Extension 1 Trial Preparation
Module A: Genre
Elective 3: Science Fiction
The last assessment task was a distinct improvement over the Pre-Trial results for some. Well done in particular to Adam Brieger and Byron Field, both scoring 23/25. This was the top mark and Adam and Byron were the only students to score this mark. We are getting something right.
For most other student there remains plenty of room for improvement and yet there is honestly very little that needs to be done to convert B range responses into A range responses. Following these steps will help:
The Analytical Response
Firstly a basic reminder: for the Trial and the HSC you must include discussion of AT LEAST TWO set texts (this means TWO, not three) and AT LEAST TWO related texts (this means two, not three)
The Module is called: Genre
Therefore you have to be able to explain what is meant by this term.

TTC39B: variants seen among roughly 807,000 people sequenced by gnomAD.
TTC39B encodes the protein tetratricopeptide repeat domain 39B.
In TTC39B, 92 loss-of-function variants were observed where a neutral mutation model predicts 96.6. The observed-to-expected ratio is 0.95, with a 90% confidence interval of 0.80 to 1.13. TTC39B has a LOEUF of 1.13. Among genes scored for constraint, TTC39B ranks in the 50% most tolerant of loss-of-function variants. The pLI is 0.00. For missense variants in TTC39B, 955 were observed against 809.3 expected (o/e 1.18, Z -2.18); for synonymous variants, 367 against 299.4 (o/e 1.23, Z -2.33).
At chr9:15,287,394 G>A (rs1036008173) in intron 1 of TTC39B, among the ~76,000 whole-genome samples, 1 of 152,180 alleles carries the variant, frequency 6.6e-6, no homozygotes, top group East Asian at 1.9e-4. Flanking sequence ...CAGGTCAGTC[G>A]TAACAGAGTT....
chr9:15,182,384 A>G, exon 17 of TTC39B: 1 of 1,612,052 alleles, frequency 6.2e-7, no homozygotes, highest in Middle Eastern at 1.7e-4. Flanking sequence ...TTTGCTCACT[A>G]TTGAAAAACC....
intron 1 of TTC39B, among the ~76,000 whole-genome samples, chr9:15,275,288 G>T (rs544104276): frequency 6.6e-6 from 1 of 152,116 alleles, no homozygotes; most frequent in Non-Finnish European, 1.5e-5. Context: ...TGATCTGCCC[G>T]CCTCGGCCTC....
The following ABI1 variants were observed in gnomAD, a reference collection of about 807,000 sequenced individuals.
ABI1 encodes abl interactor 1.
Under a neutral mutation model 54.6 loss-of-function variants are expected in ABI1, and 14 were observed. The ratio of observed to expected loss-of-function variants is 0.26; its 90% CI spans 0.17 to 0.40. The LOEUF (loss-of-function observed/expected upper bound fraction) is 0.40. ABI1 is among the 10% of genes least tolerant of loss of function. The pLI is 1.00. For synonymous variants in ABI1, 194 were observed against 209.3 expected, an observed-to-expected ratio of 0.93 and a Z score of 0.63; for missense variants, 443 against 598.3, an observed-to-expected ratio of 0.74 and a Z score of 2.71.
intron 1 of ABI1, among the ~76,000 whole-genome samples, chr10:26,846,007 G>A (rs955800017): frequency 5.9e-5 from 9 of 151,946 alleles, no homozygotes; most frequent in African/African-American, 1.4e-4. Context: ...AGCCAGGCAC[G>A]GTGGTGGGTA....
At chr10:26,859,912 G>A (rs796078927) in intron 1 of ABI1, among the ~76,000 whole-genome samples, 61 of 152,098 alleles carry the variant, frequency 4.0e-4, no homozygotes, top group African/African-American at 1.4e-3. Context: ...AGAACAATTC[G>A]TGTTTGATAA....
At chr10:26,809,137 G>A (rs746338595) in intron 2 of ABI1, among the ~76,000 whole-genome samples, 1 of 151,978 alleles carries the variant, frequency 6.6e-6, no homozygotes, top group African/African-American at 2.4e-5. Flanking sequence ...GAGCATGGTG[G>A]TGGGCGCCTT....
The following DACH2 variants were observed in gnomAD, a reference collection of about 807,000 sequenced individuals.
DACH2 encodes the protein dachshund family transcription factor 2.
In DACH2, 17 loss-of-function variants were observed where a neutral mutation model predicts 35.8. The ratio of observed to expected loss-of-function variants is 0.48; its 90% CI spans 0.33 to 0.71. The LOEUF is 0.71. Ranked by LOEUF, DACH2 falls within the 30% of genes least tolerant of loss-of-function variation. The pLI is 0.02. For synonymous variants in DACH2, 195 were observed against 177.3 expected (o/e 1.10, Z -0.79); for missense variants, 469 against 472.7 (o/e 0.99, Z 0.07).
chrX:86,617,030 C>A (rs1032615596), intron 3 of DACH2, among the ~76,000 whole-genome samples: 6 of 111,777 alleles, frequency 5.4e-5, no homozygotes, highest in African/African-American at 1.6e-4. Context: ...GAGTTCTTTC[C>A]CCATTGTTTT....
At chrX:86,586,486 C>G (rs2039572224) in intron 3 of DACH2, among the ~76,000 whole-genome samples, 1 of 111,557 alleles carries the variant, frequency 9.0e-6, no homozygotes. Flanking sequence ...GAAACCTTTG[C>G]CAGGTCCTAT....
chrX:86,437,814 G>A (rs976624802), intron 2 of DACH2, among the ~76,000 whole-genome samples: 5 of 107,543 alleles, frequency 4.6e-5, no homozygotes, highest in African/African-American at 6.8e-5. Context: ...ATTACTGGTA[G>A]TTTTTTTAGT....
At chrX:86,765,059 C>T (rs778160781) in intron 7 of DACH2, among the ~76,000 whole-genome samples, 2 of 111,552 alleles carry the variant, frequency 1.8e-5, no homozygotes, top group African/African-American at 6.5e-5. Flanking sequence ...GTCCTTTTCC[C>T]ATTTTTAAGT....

Genres begin as a loosely associated group of texts, sharing themes and characteristics that are a particular response to their context. A commentator notices these similarities and coins a term to describe this group of texts. Once a ‘genre’ is identified other composers respond – some working within the conventions established by the original group of composers, others extending and testing those conventions. As time passes and contexts evolve, so does the genre. Eventually genres fragment, evolving into hybrids or myriad sub-genres, or they fade away, no longer relevant in changing contexts.
The Elective is called: Science Fiction
Therefore you have to be able to explain this as a specific example of a Genre.
Science Fiction is an umbrella term used to categorise texts that share certain themes and characteristics. While notoriously difficult to define absolutely, most Science Fiction texts depict an imagined future where a scientifically plausible advanced technology has been developed. On the other hand Science...